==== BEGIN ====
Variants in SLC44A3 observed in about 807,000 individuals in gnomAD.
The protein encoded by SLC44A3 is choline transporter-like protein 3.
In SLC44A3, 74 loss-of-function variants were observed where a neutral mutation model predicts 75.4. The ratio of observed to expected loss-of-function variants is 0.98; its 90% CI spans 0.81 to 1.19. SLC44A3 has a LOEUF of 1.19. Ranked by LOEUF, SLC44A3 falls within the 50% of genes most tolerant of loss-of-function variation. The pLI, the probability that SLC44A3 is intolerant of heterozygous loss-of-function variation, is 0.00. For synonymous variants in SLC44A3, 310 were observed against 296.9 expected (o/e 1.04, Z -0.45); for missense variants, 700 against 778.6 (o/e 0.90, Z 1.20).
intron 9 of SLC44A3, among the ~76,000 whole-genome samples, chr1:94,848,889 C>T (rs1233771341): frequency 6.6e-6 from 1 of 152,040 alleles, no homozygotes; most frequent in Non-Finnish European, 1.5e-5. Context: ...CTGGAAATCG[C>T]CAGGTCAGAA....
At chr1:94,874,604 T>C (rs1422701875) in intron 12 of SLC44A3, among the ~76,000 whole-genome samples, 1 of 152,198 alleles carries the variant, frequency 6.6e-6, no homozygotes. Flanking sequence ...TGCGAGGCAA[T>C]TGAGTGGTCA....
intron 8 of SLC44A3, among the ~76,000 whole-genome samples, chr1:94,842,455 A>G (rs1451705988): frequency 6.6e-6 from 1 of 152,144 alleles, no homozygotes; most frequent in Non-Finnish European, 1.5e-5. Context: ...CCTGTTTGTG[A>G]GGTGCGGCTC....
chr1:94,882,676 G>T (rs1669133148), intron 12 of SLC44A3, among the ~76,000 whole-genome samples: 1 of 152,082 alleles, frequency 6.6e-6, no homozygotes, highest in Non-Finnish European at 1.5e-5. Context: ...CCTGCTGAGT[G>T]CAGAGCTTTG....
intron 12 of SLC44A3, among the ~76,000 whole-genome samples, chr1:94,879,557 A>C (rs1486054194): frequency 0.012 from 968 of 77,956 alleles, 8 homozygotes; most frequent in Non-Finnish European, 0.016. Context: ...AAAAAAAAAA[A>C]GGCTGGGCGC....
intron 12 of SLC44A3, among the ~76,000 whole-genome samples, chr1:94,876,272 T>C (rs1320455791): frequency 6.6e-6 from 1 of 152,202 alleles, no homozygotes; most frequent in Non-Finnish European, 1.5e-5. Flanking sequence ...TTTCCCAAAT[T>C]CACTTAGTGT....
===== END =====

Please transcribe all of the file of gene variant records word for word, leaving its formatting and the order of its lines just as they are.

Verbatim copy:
Variants in SLC44A3 observed in about 807,000 individuals in gnomAD.
The protein encoded by SLC44A3 is choline transporter-like protein 3.
In SLC44A3, 74 loss-of-function variants were observed where a neutral mutation model predicts 75.4. The ratio of observed to expected loss-of-function variants is 0.98; its 90% CI spans 0.81 to 1.19. SLC44A3 has a LOEUF of 1.19. Ranked by LOEUF, SLC44A3 falls within the 50% of genes most tolerant of loss-of-function variation. The pLI, the probability that SLC44A3 is intolerant of heterozygous loss-of-function variation, is 0.00. For synonymous variants in SLC44A3, 310 were observed against 296.9 expected (o/e 1.04, Z -0.45); for missense variants, 700 against 778.6 (o/e 0.90, Z 1.20).
intron 9 of SLC44A3, among the ~76,000 whole-genome samples, chr1:94,848,889 C>T (rs1233771341): frequency 6.6e-6 from 1 of 152,040 alleles, no homozygotes; most frequent in Non-Finnish European, 1.5e-5. Context: ...CTGGAAATCG[C>T]CAGGTCAGAA....
At chr1:94,874,604 T>C (rs1422701875) in intron 12 of SLC44A3, among the ~76,000 whole-genome samples, 1 of 152,198 alleles carries the variant, frequency 6.6e-6, no homozygotes. Flanking sequence ...TGCGAGGCAA[T>C]TGAGTGGTCA....
intron 8 of SLC44A3, among the ~76,000 whole-genome samples, chr1:94,842,455 A>G (rs1451705988): frequency 6.6e-6 from 1 of 152,144 alleles, no homozygotes; most frequent in Non-Finnish European, 1.5e-5. Context: ...CCTGTTTGTG[A>G]GGTGCGGCTC....
chr1:94,882,676 G>T (rs1669133148), intron 12 of SLC44A3, among the ~76,000 whole-genome samples: 1 of 152,082 alleles, frequency 6.6e-6, no homozygotes, highest in Non-Finnish European at 1.5e-5. Context: ...CCTGCTGAGT[G>T]CAGAGCTTTG....
intron 12 of SLC44A3, among the ~76,000 whole-genome samples, chr1:94,879,557 A>C (rs1486054194): frequency 0.012 from 968 of 77,956 alleles, 8 homozygotes; most frequent in Non-Finnish European, 0.016. Context: ...AAAAAAAAAA[A>C]GGCTGGGCGC....
intron 12 of SLC44A3, among the ~76,000 whole-genome samples, chr1:94,876,272 T>C (rs1320455791): frequency 6.6e-6 from 1 of 152,202 alleles, no homozygotes; most frequent in Non-Finnish European, 1.5e-5. Flanking sequence ...TTTCCCAAAT[T>C]CACTTAGTGT....